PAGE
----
Sweden-Israel free speech row prompts lawsuits
Diplomatic, legal row over organ harvesting article continues
Sweden's fervent defense of free speech has sparked a diplomatic storm with Israel over the government's refusal to condemn an article accusing Israeli soldiers of smuggling dead Palestinians' organs.
The row is likely to overshadow a visit to Israel by Swedish Foreign Minister Carl Bildt next month, right in the midst of Sweden's presidency of the European Union, a key player in the Middle East peace process.
Many ordinary Swedes back the government's stance of not condemning the piece by Aftonbladet, the country's top-selling daily, according to a survey released on Wednesday.
In an online poll answered by 24,000 readers of the national daily Svenska Dagbladet since Sunday, 65 percent said they backed the position taken by Prime Minister Fredrik Reinfeldt's center-right government.
We are not asking the Swedish government for an apology, we are asking for their condemnation
Israeli Prime Minister Benjamin Netanyahu
A diplomatic row
Israel has urged the Swedish government to condemn the "anti-Semitic" article, which claimed that Israeli soldiers snatched Palestinian youths to steal their organs and returned their dismembered bodies days later.
"We are not asking the Swedish government for an apology, we are asking for their condemnation," a senior official quoted Israeli Prime Minister Benjamin Netanyahu as telling ministers during a weekly cabinet meeting on Sunday.
But Sweden, which was one of the first countries in the world to pass a law guaranteeing freedom of expression in 1766, has refused to condemn the tabloid.
"It's important for me to say that you cannot turn to the Swedish government and ask it to violate the Swedish constitution," Prime Minister Fredrik Reinfeldt said on Monday.
The only Swedish condemnation has come from its ambassador to Israel, Elisabet Borsiin Bonnier, who slammed the piece as "shocking and appalling."
It's important for me to say that you cannot turn to the Swedish government and ask it to violate the Swedish constitution
Prime Minister Fredrik Reinfeldt
But the Swedish government distanced itself from Bonnier's remarks, stressing they should only be seen in a local context.
Urban Ahlin, foreign affairs spokesman for the opposition Social Democrats, has described the row as "a minor diplomatic crisis between Sweden and Israel" and has called upon Bildt to appear before the parliament's constitutional committee to explain Bonnier's comments.
In his complaint, Ahlin defended Sweden's freedom of the press and expression laws and stressed that "it is not the government's business to speak out about whether something is suitable to print."
Ahlin wants Bildt to explain if all Swedish embassies had been sufficiently briefed on freedom of expression and if those instructions had been followed in the case of Bonnier.
The foreign minister will not appear before the committee before next year.
Latest in a series of claims
The article was published in the wake of revelations about an American Jew arrested for illicit organ trafficking in July.
This was not the first time allegations Israel illegally harvested organs from Palestinians have surfaced.
Shortly before his death Yasser Arafat told the Arabic satellite channel Al Jazeera that Israel had extracted organs from children killed by the IDF. In 2002, the Tehran Times published a report by Iran’s official IRNA news agency claiming that Israel’s health minister, Nessim Dahhan, admitted that organs were taken from Palestinians killed by the Israeli army.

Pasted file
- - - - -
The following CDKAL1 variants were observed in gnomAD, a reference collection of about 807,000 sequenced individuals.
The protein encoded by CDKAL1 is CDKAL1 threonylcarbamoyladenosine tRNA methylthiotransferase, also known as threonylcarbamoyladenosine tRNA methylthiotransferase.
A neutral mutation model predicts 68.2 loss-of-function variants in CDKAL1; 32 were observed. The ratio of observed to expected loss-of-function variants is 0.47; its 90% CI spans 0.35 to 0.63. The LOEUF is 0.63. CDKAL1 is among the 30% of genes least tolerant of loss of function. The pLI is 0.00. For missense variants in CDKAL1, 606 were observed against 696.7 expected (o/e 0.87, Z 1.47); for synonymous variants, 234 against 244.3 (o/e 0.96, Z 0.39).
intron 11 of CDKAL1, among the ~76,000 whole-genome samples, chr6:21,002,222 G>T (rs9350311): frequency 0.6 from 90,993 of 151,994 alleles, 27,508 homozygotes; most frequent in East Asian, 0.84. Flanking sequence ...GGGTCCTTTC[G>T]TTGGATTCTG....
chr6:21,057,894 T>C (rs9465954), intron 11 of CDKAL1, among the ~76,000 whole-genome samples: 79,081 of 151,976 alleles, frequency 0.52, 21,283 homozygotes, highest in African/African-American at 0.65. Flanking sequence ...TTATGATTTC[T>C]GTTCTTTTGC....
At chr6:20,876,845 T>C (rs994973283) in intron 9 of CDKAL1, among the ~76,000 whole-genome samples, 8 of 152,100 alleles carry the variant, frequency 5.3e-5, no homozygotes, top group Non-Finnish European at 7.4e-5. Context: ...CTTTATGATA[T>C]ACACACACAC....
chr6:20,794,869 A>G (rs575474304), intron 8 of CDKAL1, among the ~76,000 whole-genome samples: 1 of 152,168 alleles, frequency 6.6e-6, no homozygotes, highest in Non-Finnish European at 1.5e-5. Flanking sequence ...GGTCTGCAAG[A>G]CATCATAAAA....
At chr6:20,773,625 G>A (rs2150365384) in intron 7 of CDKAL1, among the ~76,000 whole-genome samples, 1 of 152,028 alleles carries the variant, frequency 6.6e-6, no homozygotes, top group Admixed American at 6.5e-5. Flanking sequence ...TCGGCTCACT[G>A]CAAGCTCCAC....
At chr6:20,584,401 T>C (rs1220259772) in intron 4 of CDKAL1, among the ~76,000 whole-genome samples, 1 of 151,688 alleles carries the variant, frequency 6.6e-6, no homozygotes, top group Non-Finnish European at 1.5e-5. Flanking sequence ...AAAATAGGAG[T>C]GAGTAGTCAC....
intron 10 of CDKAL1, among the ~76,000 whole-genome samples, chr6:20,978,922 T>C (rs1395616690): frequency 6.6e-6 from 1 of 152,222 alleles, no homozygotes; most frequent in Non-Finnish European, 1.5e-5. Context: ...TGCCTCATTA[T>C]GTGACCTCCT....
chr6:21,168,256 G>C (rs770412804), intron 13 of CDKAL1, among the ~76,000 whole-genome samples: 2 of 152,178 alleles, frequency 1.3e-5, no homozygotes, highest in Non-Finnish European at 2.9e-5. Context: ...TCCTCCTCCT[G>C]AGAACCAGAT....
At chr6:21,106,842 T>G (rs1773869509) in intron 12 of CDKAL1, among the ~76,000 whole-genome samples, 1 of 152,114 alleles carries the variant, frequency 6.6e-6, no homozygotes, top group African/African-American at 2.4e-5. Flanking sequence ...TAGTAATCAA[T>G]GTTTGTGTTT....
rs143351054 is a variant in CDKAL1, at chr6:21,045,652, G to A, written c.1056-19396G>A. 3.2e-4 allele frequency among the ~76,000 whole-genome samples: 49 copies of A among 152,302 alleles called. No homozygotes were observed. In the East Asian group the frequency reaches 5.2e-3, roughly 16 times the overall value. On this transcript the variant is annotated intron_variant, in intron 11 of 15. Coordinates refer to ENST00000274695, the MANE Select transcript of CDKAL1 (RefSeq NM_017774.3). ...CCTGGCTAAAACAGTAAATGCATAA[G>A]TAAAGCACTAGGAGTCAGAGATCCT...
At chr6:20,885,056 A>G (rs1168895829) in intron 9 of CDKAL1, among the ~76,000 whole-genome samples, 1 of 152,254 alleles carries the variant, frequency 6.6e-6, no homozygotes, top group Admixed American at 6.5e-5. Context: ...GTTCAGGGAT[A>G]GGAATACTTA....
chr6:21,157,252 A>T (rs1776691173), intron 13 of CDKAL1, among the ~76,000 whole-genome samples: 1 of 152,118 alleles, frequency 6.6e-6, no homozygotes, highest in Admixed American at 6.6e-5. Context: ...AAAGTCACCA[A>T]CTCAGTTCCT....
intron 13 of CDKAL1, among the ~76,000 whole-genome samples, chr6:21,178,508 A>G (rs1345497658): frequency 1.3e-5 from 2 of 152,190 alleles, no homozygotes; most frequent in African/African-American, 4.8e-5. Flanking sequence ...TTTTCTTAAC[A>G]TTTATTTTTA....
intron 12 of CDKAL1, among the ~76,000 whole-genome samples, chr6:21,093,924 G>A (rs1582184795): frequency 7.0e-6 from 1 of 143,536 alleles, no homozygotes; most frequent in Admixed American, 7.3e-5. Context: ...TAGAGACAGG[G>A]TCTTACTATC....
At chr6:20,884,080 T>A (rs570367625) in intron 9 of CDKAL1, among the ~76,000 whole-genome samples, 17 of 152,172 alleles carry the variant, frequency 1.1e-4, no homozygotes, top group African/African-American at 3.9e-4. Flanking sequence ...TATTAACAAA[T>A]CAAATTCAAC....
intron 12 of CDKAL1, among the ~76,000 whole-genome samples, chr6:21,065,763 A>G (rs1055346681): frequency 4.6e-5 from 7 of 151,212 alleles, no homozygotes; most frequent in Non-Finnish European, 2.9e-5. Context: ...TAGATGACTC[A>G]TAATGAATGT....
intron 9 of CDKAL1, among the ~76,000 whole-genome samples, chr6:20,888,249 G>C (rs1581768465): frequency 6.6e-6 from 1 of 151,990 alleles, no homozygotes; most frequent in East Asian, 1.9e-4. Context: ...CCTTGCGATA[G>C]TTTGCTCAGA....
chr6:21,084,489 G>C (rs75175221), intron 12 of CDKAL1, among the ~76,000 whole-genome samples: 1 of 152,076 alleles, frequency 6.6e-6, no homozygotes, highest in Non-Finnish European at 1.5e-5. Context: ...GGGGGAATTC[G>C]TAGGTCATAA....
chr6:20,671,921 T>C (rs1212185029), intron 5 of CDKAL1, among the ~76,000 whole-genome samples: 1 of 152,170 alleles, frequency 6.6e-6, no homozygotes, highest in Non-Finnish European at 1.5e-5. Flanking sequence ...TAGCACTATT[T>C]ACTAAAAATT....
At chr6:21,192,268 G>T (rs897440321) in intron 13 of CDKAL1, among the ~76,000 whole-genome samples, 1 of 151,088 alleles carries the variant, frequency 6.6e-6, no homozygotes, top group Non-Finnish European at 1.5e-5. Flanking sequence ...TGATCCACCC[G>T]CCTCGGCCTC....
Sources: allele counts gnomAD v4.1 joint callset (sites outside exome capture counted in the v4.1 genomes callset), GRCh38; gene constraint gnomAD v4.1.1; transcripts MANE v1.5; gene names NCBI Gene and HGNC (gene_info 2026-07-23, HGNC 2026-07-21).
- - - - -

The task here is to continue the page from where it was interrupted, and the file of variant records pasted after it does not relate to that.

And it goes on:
Faced with a political impasse, some are trying to launch a legal battle.
Swedish Chancellor of Justice Goeran Lambertz received two written requests on Tuesday asking to investigate whether the report amounted to racial agitation contrary to Sweden's freedom of expression legislation.
Lambertz is the only prosecutor in the Scandinavian country who can take legal action in cases concerning free speech.
But Aftonbladet’s editor-in-chief Jan Helin has denied accusations of anti-Semitism and said in his blog that the article was relevant.
"I'm not an anti-Semite. I'm the editor-in-chief who has allowed the publication of a culture article because it asked a number of relevant questions,” he wrote on Monday.
Meanwhile an Israeli lawyer filed suit against the newspaper in New York claiming it slandered Jews and Israelis, including himself, and demanding $7.5 million, though experts told the TT news agency that his case was unlikely to get a hearing because it lacks jurisdiction.
Over the weekend thousands of Israelis signed an online petition to boycott Swedish furniture store IKEA and other Scandinavian countries including Volvo, Absolut Vodka and fashion retailer H&M, according to local press reports.
I'm the editor-in-chief who has allowed the publication of a culture article because it asked a number of relevant questions
Jan Helin, Aftonbladet
Defending freedom of speech
Swedish national media have been highly critical of the article but nevertheless defend its right to be published.
The Dagens Nyheter newspaper devoted three columns to a philosopher criticizing Aftonbladet's journalistic methods rather than the decision to publish itself.
Svenska Dagbladet published a lengthy editorial from the liberal Haaretz daily, and also asked six major Swedish newspapers if they would have published such a story.
Five refused but the majority agreed that Aftonbladet had not violated the country's press freedom laws.
Expressen, its major tabloid rival, was vigorous in its defense of the decision to publish.